1. Explore the association between curcumin and nuclear factor kappa-light-chain-enhancer of activated B cells (NF-κB) [ Time Frame: Baseline, Weeks 4, 8, 12, and 16 ]
    Vaginal samples and cervical biopsies, obtained at each study visit, will be used to determine the association between curcumin and known biomarkers of cervical disease. This exploratory aim seeks to use repeated-measures analyses, utilizing a linear mixed model for the curcumin group to assess the association between nuclear factor kappa-light-chain-enhancer of activated B cells (NF-κB) and the concentration of curcumin at each time point. NF-κB upregulation is related to the grade of cervical intraepithelial neoplasia (CIN) although the significance of NF-κB activation per se to CIN lesion development and its prognostic value in cervical cancer have not been well defined. The analysis of NF-κB binding activity will provide a direct molecular benchmark for assessing curcumin treatment responses independent from its therapeutic effects.

  2. Explore the association between curcumin and p16INK4a [ Time Frame: Baseline, Weeks 4, 8, 12, and 16 ]
    Vaginal samples and cervical biopsies, obtained at each study visit, will be used to determine the association between curcumin and known biomarkers of cervical disease. This exploratory aim seeks to use repeated-measures analyses, utilizing a linear mixed model for the curcumin group to assess the association between p16INK4a and the concentration of curcumin at each time point. p16INK4a (a tumor suppressor protein) is an indirect marker of cell cycle dysregulation and has been shown to be expressed in cervical dysplasias and carcinomas associated with high risk HPV infections.

  3. Explore the association between curcumin and Rb [ Time Frame: Baseline, Weeks 4, 8, 12, and 16 ]
    Vaginal samples and cervical biopsies, obtained at each study visit, will be used to determine the association between curcumin and known biomarkers of cervical disease. This exploratory aim seeks to use repeated-measures analyses, utilizing a linear mixed model for the curcumin group to assess the association between Rb and the concentration of curcumin at each time point. Rb is an important cell cycle regulator protein in cervical carcinogenesis which is suppressed in most cervical cancer cells. Increased levels of this protein has been linked to regression of cervical cancer lesions.

  4. Explore the association between curcumin and p53 [ Time Frame: Baseline, Weeks 4, 8, 12, and 16 ]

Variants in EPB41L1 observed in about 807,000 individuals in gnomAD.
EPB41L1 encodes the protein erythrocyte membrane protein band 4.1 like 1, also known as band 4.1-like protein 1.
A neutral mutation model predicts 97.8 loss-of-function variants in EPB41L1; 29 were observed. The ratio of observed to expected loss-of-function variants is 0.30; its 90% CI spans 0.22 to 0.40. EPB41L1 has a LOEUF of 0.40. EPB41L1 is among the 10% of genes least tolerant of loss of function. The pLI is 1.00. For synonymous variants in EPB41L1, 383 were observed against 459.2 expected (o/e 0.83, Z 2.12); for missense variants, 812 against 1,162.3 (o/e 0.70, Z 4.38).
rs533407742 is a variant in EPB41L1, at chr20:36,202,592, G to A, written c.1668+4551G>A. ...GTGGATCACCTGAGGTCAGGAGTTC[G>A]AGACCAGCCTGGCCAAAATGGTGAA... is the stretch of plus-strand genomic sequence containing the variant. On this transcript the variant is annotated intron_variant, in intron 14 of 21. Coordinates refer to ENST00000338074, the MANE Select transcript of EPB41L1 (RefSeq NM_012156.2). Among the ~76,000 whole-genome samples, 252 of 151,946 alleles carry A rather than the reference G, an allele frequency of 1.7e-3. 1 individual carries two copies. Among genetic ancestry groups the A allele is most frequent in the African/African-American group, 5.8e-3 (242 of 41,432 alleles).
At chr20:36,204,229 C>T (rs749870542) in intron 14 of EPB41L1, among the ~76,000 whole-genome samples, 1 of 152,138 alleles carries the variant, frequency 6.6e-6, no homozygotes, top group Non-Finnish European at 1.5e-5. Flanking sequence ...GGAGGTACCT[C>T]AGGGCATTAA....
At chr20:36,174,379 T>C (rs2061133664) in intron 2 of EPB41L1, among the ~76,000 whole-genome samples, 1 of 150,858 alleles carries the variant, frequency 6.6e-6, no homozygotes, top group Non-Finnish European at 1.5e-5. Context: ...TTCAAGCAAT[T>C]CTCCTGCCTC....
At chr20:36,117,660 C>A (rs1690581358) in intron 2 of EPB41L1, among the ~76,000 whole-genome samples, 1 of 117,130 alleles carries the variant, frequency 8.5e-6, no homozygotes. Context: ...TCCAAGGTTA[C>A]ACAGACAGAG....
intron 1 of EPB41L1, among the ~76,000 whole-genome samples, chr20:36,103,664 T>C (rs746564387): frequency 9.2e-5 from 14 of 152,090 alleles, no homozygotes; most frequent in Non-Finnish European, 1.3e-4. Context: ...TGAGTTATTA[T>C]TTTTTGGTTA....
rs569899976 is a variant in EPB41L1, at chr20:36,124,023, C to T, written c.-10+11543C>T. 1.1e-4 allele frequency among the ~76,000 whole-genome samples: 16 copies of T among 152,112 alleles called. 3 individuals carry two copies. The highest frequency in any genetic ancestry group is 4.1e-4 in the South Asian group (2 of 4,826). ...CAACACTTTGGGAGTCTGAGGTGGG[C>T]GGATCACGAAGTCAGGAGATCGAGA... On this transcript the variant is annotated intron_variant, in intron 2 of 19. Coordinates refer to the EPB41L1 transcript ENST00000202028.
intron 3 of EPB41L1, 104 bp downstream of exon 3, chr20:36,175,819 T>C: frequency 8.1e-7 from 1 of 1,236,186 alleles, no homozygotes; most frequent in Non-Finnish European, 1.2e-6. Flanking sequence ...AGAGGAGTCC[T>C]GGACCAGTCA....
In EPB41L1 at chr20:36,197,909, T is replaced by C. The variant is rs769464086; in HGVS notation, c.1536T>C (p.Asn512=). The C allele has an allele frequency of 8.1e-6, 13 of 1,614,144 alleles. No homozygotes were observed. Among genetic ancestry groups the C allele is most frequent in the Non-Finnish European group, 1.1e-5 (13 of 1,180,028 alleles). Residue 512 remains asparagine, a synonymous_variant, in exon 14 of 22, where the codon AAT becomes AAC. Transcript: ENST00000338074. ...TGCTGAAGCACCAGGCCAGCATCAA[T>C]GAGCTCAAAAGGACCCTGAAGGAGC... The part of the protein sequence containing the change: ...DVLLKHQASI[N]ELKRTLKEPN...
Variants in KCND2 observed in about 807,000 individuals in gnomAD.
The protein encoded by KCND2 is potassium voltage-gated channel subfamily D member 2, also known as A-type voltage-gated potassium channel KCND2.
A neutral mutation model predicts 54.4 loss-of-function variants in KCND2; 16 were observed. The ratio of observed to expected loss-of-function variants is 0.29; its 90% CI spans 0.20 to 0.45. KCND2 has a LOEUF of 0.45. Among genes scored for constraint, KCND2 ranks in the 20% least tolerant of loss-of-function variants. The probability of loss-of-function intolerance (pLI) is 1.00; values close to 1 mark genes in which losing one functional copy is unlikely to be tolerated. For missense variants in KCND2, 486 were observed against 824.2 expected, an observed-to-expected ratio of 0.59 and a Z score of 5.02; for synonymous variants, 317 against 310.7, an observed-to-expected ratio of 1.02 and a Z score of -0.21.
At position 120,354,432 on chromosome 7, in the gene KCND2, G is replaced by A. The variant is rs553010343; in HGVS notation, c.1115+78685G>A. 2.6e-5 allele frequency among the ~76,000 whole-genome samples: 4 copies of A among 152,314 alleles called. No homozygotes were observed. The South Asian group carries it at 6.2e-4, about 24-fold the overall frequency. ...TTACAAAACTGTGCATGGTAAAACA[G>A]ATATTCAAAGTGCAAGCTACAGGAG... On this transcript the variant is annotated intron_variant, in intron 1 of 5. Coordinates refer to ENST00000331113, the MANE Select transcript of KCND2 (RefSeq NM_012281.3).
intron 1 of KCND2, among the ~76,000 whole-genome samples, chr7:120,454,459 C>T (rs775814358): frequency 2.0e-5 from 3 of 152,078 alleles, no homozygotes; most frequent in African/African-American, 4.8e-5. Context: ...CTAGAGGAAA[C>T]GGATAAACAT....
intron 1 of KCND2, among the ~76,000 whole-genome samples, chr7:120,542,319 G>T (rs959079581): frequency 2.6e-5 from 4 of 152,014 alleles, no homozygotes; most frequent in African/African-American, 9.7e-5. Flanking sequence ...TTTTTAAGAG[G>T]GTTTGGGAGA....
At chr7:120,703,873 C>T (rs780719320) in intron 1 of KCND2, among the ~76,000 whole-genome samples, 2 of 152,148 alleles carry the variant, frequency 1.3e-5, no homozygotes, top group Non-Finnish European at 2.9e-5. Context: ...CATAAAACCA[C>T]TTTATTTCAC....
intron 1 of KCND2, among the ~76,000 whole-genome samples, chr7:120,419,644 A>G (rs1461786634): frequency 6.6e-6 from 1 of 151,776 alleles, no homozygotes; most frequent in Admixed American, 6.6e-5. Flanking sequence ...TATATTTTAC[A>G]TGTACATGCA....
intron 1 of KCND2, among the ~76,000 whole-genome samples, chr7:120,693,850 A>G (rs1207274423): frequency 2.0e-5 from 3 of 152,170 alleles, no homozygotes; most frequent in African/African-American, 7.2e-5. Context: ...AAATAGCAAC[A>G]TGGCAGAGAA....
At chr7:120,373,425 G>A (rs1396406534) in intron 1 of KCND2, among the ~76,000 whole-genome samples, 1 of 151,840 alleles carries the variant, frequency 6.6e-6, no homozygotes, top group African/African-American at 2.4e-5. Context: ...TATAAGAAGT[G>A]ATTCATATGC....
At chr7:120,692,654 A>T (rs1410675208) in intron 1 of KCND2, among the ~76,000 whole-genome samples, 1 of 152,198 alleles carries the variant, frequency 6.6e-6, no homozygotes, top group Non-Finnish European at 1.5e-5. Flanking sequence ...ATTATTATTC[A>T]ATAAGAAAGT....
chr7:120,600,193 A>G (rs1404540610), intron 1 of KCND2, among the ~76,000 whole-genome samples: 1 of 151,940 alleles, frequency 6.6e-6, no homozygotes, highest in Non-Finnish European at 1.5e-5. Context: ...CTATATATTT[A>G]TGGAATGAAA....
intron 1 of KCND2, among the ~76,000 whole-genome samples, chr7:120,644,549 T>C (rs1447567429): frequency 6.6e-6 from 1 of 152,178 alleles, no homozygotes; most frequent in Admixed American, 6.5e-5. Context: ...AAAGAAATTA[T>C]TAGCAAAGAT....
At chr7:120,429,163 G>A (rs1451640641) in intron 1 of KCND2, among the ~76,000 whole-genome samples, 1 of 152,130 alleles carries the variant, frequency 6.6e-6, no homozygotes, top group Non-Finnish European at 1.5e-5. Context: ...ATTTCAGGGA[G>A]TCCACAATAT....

Vaginal samples and cervical biopsies, obtained at each study visit, will be used to determine the association between curcumin and known biomarkers of cervical disease. This exploratory aim seeks to use repeated-measures analyses, utilizing a linear mixed model for the curcumin group to assess the association between p53 and the concentration of curcumin at each time point. p53 is an important cell cycle regulator protein in cervical carcinogenesis which is suppressed in most cervical cancer cells. Increased levels of this protein have been linked to regression of cervical cancer lesions.

  5. Explore the association between curcumin and vascular endothelial growth factor (VEGF) [ Time Frame: Baseline, Weeks 4, 8, 12, and 16 ]
    Vaginal samples and cervical biopsies, obtained at each study visit, will be used to determine the association between curcumin and known biomarkers of cervical disease. This exploratory aim seeks to use repeated-measures analyses, utilizing a linear mixed model for the curcumin group to assess the association between vascular endothelial growth factor (VEGF) and the concentration of curcumin at each time point. VEGF expression has been shown to correlate with severity of cervical intraepithelial neoplasia (CIN) lesions and invasive disease.



Information from the National Library of Medicine

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Ages Eligible for Study:   21 Years and older   (Adult, Older Adult)
Sexes Eligible for Study:   Female
Accepts Healthy Volunteers:   No
Criteria

Inclusion Criteria:

  • HIV positive women and HIV negative women
  • HSIL cytology with no invasive features identified on colposcopy or the baseline biopsy
  • Compliant on combined antiretrovirals (cART)
  • On continuous antiretrovirals with cluster of differentiation 4 (CD4) count >200 cells/ml with sustained undetectable viral load for at least 3 months
  • Patient on reliable birth control. Adequate birth control includes: Combined oral contraceptive pill (OCP), Long Lasting Reversible Contraceptive (LARCP), BiLateral Tubal Ligation (BLT) and DepoProvera Shot/Birth control shot.
  • Patient willing to conform to the study requirements
  • No risk factors for microinvasive disease (no colposcopic features of microinvasion, adequate colposcopy and negative endocervical curettage)

Exclusion Criteria:

  • Lactating and pregnant women
  • Patient with irregular cycles (more than once a month).
  • Previous hysterectomy and/or prior treatment for cervical precancer condition

Information from the National Library of Medicine

To learn more about this study, you or your doctor may contact the study research staff using the contact information provided by the sponsor.

Please refer to this study by its ClinicalTrials.gov identifier (NCT number): NCT02944578


Contacts
Contact: Rachael Abraham, PhD 4042518940 rfaraha@emory.edu
Contact: Ashley Urrutia 6504387736 ashley.n.urrutia@emory.edu

Locations
United States, Georgia
Grady Memorial Hospital Recruiting
Atlanta, Georgia, United States, 30303
Contact: Rachael Farah-Abraham, PhD       rfarahabraham@emory.edu   
Grady Hospital - Ponce De Leon Clinic Recruiting
Atlanta, Georgia, United States, 30308
Contact: Rachael Farah-Abraham, PhD       rfarahabraham@emory.edu   
Sponsors and Collaborators
Emory University
Investigators
Principal Investigator: Lisa Flowers, MD Emory University

Responsible Party: Lisa Flowers, Professor, Emory University
ClinicalTrials.gov Identifier: NCT02944578     History of Changes
Other Study ID Numbers: IRB00079183
First Posted: October 26, 2016    Key Record Dates
Last Update Posted: December 14, 2017
Last Verified: December 2017

Studies a U.S. FDA-regulated Drug Product: Yes
Studies a U.S. FDA-regulated Device Product: No

Keywords provided by Lisa Flowers, Emory University:
Cancer
HIV
Oncology
Infectious Diseases
HPV
Preventive Medicine

Additional relevant MeSH terms:
Curcumin
Anti-Inflammatory Agents, Non-Steroidal
Analgesics, Non-Narcotic
Analgesics
Sensory System Agents
Peripheral Nervous System Agents
Physiological Effects of Drugs
Anti-Inflammatory Agents
Antirheumatic Agents
Antineoplastic Agents
Enzyme Inhibitors
Molecular Mechanisms of Pharmacological Action